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VESTED Magazine

Client Conversations

In this issue we offer a few insights about the impact of rising interest rates on bonds and how you can help an adult child become a homeowner.

In this issue we offer a few insights about the impact of rising interest rates on bonds and how you can help an adult child become a homeowner.

Q: With the Federal Reserve raising interest rates and mortgage rates rising, should I avoid bonds?

A: No. Bonds can still deliver positive returns in a rising-interest-rate environment and remain a key piece of a diversified portfolio.

Many investors are understandably concerned that rising interest rates will negatively impact their bond portfolios. While increasing interest rates may lead to price volatility, rising rates do not necessarily create bond losses. Barring a default or an early call, bonds held to maturity will generate positive returns regardless of interest rate movements. In addition, rising rates provide bond investors an opportunity to reinvest their coupons or the proceeds of maturing bonds at higher interest rates.

Consider a hypothetical scenario. An investor purchases a 5-year bond that pays $5 per year in interest for $105. We don’t know how interest rates will behave in the future or how the bond’s price will fluctuate due to changing interest rates. But we do know the bond will pay the same interest amount every year—again, assuming the issuer doesn’t default or call the bond early. We also know the bond will mature at par ($100), so we know the bond’s price will decline by a total of $5. Thus, the bond earns the same total interest ($25) and depreciates the same amount ($5), regardless of interest rate movements along the way.

History also provides a guide. In 1940, interest rates began an upward trajectory that lasted into the early 1980s. The 10-year U.S. Treasury yielded a mere 2 percent at the start of that climb and ended near a towering 14 percent in 1981. Yet, over that 42-year period, the 10-year Treasury’s annualized return was positive, and there were only a handful of years when bonds had a negative total return. In the worst year, the drop was only about 5 percent.

While we do not anticipate trouble ahead for bonds and believe they should be part of a well-diversified portfolio, we know that investment risk tolerance is highly personal and that every investor’s circumstances are unique. So please talk to your financial advisor about your unique needs and considerations before making any decisions or changes to your portfolio.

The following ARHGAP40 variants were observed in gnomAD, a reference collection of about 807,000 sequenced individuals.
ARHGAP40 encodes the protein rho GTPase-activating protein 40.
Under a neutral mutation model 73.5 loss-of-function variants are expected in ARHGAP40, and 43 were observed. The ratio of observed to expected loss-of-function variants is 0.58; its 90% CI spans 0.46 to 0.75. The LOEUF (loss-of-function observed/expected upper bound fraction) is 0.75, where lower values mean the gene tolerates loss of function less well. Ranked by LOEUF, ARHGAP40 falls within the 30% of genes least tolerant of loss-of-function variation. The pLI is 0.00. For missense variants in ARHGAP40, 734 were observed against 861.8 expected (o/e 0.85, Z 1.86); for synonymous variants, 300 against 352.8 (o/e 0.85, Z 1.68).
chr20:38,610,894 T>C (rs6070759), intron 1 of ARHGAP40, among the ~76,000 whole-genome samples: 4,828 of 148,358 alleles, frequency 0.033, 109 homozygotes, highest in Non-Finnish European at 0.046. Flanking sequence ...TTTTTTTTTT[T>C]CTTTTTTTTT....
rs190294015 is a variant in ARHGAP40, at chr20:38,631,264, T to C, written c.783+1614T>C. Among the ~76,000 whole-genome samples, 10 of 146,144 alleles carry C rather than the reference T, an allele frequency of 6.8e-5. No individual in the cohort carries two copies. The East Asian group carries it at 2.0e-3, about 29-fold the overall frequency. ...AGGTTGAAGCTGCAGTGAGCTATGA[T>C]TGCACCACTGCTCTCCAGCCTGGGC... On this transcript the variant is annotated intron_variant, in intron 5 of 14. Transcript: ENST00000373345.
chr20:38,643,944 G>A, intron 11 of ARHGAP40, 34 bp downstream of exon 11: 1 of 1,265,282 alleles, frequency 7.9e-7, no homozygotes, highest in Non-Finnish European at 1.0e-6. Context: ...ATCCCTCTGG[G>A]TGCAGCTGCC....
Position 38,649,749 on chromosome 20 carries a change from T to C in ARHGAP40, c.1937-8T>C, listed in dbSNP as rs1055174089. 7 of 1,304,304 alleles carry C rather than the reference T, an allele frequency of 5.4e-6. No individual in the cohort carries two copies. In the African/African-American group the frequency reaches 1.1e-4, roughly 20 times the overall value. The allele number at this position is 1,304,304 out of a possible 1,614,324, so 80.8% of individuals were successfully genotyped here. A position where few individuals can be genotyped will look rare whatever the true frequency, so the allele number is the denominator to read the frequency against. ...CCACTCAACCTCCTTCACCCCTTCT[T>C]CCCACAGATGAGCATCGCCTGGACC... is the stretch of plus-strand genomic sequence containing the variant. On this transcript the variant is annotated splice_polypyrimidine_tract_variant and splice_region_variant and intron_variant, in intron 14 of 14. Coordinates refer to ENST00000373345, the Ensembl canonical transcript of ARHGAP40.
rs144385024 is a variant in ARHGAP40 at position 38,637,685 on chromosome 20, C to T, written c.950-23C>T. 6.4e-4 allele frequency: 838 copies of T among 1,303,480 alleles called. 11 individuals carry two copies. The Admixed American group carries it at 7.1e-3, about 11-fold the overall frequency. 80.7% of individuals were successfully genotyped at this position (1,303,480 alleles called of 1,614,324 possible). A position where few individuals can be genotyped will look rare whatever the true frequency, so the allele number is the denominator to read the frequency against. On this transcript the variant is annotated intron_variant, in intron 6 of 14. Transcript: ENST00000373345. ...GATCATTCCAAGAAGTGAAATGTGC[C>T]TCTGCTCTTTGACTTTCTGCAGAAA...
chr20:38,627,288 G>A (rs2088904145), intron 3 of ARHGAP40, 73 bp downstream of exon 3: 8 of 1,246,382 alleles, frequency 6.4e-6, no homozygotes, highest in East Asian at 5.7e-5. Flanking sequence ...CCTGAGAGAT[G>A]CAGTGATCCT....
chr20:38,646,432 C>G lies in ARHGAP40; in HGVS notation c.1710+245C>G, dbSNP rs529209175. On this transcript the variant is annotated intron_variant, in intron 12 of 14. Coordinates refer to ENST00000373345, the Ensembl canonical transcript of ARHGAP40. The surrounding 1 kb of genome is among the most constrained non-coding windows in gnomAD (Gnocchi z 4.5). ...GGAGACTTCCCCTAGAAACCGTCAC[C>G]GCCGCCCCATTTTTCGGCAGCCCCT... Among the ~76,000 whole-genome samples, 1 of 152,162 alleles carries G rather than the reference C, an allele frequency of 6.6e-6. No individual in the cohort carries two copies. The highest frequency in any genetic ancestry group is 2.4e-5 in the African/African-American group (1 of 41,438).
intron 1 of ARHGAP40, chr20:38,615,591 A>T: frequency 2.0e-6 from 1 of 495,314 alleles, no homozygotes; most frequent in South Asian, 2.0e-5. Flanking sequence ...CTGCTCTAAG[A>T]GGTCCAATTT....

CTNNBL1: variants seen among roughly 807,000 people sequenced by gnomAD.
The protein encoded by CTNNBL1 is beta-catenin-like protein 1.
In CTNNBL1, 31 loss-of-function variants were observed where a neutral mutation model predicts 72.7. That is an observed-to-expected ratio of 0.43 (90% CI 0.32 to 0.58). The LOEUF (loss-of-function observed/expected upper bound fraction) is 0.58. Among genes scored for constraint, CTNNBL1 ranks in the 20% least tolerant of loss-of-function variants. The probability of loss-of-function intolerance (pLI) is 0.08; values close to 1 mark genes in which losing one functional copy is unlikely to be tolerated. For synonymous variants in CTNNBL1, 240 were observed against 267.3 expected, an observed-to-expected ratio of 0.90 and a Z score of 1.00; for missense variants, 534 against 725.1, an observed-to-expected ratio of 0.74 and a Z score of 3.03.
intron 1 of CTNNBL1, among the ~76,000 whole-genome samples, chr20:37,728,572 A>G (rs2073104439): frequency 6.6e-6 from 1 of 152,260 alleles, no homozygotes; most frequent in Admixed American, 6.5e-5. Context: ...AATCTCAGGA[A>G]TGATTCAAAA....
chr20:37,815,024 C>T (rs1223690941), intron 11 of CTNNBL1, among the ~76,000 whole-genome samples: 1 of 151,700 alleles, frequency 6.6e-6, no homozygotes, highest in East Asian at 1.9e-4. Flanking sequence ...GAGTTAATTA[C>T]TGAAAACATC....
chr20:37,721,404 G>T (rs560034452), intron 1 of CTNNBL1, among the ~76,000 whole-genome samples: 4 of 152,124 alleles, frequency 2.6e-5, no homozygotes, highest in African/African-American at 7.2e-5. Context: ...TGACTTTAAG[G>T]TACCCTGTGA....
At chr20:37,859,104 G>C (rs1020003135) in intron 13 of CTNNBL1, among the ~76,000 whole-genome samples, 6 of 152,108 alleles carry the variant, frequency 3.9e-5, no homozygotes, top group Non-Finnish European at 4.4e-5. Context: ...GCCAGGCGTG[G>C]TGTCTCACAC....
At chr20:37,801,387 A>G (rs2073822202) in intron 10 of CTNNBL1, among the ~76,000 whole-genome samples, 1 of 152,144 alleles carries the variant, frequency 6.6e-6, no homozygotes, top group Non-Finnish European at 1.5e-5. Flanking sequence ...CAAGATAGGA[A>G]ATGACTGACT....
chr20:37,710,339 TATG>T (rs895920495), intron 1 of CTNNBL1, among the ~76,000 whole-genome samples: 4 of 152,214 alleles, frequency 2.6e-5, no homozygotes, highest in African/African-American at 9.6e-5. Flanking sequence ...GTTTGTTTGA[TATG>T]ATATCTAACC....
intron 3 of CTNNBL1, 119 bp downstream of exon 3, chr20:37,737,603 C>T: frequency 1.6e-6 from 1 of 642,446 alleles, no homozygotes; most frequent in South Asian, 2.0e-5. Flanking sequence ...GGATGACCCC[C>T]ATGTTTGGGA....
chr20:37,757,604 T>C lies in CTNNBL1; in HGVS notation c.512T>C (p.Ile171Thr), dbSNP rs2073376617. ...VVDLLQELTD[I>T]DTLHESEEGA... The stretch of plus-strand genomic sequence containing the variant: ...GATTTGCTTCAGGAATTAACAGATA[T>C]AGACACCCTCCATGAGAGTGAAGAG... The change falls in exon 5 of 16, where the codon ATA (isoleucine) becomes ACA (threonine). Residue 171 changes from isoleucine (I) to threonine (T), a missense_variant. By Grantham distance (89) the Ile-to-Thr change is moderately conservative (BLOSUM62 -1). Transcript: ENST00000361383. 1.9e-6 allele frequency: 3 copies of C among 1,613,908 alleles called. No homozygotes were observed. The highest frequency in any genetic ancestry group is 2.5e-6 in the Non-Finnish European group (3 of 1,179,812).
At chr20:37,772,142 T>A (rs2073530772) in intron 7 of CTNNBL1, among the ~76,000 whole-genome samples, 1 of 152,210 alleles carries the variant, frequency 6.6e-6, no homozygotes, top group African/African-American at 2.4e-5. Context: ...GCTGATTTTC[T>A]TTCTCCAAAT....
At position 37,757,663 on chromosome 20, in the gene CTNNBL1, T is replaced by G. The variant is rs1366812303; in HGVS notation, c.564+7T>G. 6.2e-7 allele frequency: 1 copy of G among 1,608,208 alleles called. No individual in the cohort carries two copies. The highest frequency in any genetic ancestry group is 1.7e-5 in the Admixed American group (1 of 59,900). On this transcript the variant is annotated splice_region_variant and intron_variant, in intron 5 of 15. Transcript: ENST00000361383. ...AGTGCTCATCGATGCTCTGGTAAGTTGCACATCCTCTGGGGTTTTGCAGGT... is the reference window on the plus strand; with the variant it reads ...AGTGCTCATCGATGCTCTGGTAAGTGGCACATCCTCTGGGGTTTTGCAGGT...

Q: My daughter has been saving for a down payment on her first house, but the hot real estate market has made it hard for her to afford the kind of home she wants. What’s the best way to help her out?

A: Your daughter is not alone. With rising home prices in many metropolitan areas, homebuyers—especially first-time home buyers—face several headwinds, including the challenge of coming up with a down payment, lack of credit experience, and higher debt-to-income ratios. These three intertwined issues mean that many young people are finding it challenging to get a home mortgage. The good news is that the right kind of financial help from family can help make homeownership a reality.

For parents who can afford it, there are numerous ways to help a child become a homeowner:

  • Give the gift of a down payment—A cash gift from a parent used to fund a down payment will make it easier to qualify for a mortgage because it lowers the mortgage loan amount, improves the child’s debt-to-income ratio, and reduces the mortgage payment amount. This is the most common way parents help children buy homes.
  • Consolidate your child’s loans—If your daughter has student, auto, or other loans that affect her credit or ability to borrow, consolidating her loans may be a solution. By paying off her debt, you free up her credit and create debt space to allow her to qualify for a mortgage (or perhaps a larger mortgage).
  • Co-sign a mortgage—Co-signing a mortgage with your daughter would likely improve her ability to borrow (or borrow more). You should only consider this option if you have the confidence that she is going to be able to afford the monthly mortgage, tax, and homeowners’ insurance payments. If she defaults on the loan, as co-borrower, you will be responsible for it.

One last option—although it doesn’t accomplish the mission of helping a child buy a home—is to buy the home yourself and rent it to her. If you go this route, make sure to document the rental agreement and payments she is making to help ensure that she has a good payment history when it comes time for her to apply for a mortgage.This can be a complicated issue, so please make sure to consult your legal, tax, and financial advisors for their thoughts about your specific situation.

If you have a question for the VESTED team, we’d love to hear from you and see if we can help. Please send your questions to us at VESTEDmagazine@captrustadvisors.com.